Yesterday I had some errand to run and while I was out I could see patches appearing in lawns - places where the snow has melted down enough that you can actually see grass. It first appears on the edges of the sidewalks and driveways where you were a little over-zealous in your shoveling. Then, it starts pulling away from the house and the garage. Then it starts spreading out from under the evergreen trees where it was protected enough that the snow never really got that deep to begin with. All of those can happen, and there can be more snow. But you know Spring is coming when the patches start - holes in the middle of lawns that can't possibly have come from the heat of the house or the warm air blowing from the dryer vent. It's real snow melt.

Every day this week the snow pack has continued to shrink, and shrink noticeably. The snow bank that I used for the beer refrigerator for my pre-St. Paddy's day dinner party this past weekend is now nothing more than a bumpy little hill. The holes left from the bottles of Guinness and Harp are now gone and the snow that is left is slightly reminiscent of a ski slope with moguls - in miniature.

The house is warmer, even though I haven't touched the thermostat at all. I've put away one of the extra quilts for the bed. I've gone from 3 layers of heavy clothing down to 2 layers of lighter weight. There's a promise of outdoors, being able to wear a jacket instead of a coat, wearing shoes instead of boots, and the reminder that sandals and flip flops exist for a reason and soon you'll actually get to remember what for. There's a promise of open windows.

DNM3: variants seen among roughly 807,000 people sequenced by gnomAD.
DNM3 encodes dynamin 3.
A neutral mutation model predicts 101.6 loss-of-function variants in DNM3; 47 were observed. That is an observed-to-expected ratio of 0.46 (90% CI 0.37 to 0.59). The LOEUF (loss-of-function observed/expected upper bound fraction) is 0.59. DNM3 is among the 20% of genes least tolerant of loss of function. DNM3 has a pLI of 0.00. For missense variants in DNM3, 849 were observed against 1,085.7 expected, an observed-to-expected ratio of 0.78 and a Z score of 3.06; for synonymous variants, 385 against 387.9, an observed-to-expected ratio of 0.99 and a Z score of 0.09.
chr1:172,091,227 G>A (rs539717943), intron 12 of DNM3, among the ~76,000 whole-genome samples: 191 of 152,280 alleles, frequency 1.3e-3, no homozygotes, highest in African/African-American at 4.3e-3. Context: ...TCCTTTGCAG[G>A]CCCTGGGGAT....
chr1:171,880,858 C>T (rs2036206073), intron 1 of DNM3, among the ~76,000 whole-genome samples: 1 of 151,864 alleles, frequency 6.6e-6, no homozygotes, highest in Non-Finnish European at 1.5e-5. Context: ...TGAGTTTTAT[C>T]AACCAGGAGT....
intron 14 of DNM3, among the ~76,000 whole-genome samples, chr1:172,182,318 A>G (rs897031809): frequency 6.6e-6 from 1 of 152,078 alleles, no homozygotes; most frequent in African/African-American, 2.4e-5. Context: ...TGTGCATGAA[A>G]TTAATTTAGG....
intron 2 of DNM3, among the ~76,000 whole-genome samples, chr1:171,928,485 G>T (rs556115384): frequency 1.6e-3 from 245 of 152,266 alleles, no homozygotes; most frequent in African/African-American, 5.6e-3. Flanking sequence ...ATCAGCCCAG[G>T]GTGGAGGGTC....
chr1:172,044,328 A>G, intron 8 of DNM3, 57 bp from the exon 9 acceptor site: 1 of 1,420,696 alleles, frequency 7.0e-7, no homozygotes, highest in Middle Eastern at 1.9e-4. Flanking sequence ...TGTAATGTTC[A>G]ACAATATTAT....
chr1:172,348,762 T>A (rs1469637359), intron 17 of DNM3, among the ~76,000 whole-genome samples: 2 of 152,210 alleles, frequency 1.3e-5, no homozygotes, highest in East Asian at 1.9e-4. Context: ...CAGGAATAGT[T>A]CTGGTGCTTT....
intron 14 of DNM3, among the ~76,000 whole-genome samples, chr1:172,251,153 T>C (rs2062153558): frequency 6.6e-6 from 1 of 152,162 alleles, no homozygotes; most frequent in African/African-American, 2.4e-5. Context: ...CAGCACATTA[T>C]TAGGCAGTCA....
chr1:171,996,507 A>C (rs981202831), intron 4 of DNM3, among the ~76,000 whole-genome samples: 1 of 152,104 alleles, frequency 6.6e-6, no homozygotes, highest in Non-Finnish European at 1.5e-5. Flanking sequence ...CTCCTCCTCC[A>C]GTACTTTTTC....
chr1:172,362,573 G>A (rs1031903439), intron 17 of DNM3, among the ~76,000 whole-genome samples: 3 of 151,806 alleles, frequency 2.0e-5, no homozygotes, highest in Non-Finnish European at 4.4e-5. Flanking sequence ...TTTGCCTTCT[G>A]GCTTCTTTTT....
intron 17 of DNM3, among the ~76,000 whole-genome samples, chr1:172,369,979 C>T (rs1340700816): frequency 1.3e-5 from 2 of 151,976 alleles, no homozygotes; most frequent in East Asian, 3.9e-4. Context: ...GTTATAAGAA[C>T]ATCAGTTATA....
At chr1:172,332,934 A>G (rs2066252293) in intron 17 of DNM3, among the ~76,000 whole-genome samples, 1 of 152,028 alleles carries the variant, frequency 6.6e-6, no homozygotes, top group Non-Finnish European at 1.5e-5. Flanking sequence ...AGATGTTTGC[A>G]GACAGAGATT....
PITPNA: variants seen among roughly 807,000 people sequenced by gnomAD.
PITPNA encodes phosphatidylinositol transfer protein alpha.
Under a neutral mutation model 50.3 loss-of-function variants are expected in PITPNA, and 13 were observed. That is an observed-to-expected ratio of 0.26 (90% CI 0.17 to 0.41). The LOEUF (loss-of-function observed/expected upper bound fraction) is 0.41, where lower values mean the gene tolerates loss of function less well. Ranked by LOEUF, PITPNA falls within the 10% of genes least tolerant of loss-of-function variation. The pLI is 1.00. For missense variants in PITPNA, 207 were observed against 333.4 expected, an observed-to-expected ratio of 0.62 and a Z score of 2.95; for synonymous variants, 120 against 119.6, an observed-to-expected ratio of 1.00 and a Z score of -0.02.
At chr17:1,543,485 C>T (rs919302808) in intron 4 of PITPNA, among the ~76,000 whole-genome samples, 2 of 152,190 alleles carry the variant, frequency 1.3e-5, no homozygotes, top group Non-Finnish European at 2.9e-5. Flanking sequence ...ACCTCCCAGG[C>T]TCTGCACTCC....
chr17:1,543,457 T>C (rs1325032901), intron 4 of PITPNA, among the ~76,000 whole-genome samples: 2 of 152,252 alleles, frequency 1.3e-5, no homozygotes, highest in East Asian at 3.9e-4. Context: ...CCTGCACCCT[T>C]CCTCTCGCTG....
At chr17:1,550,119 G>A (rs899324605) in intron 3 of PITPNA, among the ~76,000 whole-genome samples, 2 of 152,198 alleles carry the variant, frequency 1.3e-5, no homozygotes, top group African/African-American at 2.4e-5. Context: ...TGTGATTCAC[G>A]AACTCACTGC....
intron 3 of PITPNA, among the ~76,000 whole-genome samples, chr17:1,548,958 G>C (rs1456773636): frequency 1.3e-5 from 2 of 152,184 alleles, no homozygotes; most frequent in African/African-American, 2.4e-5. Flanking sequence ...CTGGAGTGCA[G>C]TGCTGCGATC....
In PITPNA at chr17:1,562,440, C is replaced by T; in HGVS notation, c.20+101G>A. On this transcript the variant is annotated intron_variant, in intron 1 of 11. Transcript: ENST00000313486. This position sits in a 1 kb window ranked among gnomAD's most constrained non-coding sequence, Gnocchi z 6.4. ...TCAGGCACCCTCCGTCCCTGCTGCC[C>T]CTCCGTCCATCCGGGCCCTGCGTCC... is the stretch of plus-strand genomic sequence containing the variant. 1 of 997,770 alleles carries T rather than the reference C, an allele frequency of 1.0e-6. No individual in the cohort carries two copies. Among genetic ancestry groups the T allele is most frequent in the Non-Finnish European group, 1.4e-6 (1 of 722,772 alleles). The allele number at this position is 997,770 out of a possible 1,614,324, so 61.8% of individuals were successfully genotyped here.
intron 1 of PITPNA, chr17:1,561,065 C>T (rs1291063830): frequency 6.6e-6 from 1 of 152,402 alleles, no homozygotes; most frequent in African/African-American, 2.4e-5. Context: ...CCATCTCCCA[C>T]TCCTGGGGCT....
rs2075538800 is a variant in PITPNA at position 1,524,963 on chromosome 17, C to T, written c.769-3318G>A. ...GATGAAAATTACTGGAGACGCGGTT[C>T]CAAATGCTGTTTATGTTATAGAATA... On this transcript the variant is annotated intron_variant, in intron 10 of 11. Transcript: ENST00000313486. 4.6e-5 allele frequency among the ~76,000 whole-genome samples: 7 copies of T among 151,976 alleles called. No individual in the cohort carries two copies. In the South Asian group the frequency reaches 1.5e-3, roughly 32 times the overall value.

It's still cold out, damp and chilly and too early for those things quite yet. But the promise of them is there in the rain. In addition to melting the snow it erases the dirt, that brown/black crust that sits on the edges of the snow banks the plows have created in the front lawns. Part dirt, part car exhaust, 100% ugly. It's being washed away by the rain. It's leaving clean behind it.

That's what Spring is about. Washing away the old. Beginning again with the new. New chances. New hope. New opportunities. I know there's still a possibility of a blizzard. This is, after all, Minnesota, and we haven't had State HS basketball tournaments yet. But even if the blizzard comes, it won't stay. The birds that nest every Spring in the tree outside my office window are back. I can hear them singing as I write. Spring is here. Open your grasp and let go of the winter. Open your arms, and windows, wide and embrace the Spring.

Wednesday, March 10, 2010


I hosted a dinner party this weekend. That feels like an odd sentence for me to write. It sounds so grown up. I generally think of dinner parties as being something that adults went to in the 50s and 60s. They were an activity that a wife was required to do to entertain her husband's business clients or co-workers, where everyone had one too many cocktails and people ended up involved in 'indiscretions' of one variety or another. In other words, they were something out of Peyton Place or The Graduate or maybe in today's venue Desperate Housewives. My life, truly, is none of those.

Yet, I hosted a dinner party. This is a small group of people that has come together in the past few years, 4 or 5 times a year, to share dinner together in each others' homes. In truth, I've been having people over for dinner for years - friends, family, people from work or church or some group I've belonged to. But these current dinner parties are different, whether I am the host or the guest. They are an 'event.'